Now, when our health depends on how many people are willing to pick up the shift day by day, the question naturally arises: are they appreciated enough?
Hungary’s biggest facility management and cleaning company B+N Referencia Zrt. has launched a social sensitivity campaign on their behalf.
A recent study found an office cleaner working in an 8-hour shift and dusting only the desks bends their back 1440 times, whereas during window cleaning they have to perform 9600 circular motions. However, the physical workload is not everything, they have to know which chemicals and disinfectants they can use and they also have to be able to handle cutting edge cleaning machinery. They pick up the shift even when we can stay home. Cleaners don’t only work in office buildings, but in hospitals, public areas and public transport vehicles, like when they are emptying the dustbins on train carriages.
Mrs András Konkoly, aka Magdika cleans in night shifts. She is an employee of B+N Referencia Zrt. and commutes to Budapest by company bus. She starts her shift at 5 pm and finishes at 1 am, then goes home. By the end of her shift, 110 rooms, common areas, corridors, even handrails and door handles have to be shimmering clean.
‘When I got here, I had to learn how many types of detergents we use: anticalcare, window cleaning solutions, disinfectants, floor care products, different detergents for taps and basins. The appearance of the coronavirus made it necessary for us to use 2 more disinfectants. Many people think the more chemicals they use, the more efficiently they will clean, but actually clean water is the key of cleanliness. I lift 80-120 liters of water every day. We use four cleaning cloths, blue for the rooms, green for kitchens, yellow for computer screens and pink for toilets’, said Magdika, who used to do white-collar work in a bank and as an accountant. She doesn’t have bad feelings about working as a cleaner, she gets a decent pay for that.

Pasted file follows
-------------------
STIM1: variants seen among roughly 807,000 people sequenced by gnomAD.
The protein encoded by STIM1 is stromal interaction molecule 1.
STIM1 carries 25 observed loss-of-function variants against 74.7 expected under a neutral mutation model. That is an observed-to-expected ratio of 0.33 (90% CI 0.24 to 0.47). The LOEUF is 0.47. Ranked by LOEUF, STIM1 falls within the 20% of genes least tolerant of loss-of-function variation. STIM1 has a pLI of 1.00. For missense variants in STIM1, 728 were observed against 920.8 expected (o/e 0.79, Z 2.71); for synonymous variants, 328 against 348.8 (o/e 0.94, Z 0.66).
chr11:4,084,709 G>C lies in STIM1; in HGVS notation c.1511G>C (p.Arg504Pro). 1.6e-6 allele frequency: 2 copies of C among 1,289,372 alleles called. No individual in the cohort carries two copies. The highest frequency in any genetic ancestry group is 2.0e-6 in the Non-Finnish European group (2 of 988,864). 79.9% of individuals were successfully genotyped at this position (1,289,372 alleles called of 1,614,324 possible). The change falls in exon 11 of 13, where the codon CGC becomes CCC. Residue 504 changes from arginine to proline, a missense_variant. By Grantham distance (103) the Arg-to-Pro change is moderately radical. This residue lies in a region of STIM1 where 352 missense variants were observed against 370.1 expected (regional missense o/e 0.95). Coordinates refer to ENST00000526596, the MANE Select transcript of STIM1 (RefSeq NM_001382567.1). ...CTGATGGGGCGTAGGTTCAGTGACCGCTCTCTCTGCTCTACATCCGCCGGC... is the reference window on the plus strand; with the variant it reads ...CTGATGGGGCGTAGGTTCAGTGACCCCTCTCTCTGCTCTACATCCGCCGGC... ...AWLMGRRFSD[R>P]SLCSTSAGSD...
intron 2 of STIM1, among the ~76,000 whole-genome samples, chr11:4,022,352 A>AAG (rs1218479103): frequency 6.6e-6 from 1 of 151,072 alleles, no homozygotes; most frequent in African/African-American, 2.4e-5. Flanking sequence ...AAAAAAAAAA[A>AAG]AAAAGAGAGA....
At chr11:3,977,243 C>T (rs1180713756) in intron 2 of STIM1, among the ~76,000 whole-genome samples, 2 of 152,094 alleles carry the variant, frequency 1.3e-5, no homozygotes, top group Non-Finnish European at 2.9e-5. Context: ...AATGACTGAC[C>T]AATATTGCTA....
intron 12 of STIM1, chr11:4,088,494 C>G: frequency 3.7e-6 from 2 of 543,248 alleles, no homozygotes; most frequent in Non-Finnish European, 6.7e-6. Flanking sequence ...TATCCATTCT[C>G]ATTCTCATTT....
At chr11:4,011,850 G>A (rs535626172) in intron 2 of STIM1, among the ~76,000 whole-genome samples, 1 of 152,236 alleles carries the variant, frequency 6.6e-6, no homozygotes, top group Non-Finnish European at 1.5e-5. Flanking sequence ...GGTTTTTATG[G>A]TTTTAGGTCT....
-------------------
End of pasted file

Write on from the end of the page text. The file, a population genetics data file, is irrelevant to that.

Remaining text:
During a pre-campaign survey workers pointed out: they are often looked through and hardly being said hello to. They feel everybody expects them to keep up the cleanliness but only few thank them for their work.
‘Since last year we have been planning to launch a social sensitivity campaign to make the public aware of the socially indispensable, yet almost invisible, work of cleaners’, said Ferenc Kis-Szölgyémi, CEO of B+N Referencia Zrt.
‘The groundwork had been laid for long months but by the time we were ready, COVID-19 had reached the country. The 45 thousand cleaners in the country have always deserved our heartfelt appreciation, but in these times they deserve it a 100 times more. We employ 4100 cleaners who are doing a great job cleaning transportation vehicles, hospitals and office buildings. The majority of our society take cleanliness for granted but do not appreciate the people who make it happen.
With our campaign “Look round and see” we want to call attention to this problem.
‘Cleaners make our everyday life comfortable. What would we say if nobody emptied the dustbin or disinfected the hospital rooms?’, asks Erika Kókai, Marketing Director of B+N. It is our responsibility to do something about the prestige of this work and to stand up for our cleaners and every cleaner in the country because if everything stays the same, soon nobody is going to be left to clean the country’.
Hungarian Central Statistical Office study: cleaners at the bottom of 173 occupations
The Hungarian Central Statistical Office examined 173 occupations in terms of social prestige according to different aspects: for example how much power or influence they entail, how much one has to learn for them, how useful they are for society, how trendy or appealing they are nowadays. According to the subjective judgement of the respondents cleaning is among the ten lowest-prestige jobs, coming ahead of only road sweepers, garbage collectors, leaflet distributors and unskilled workers.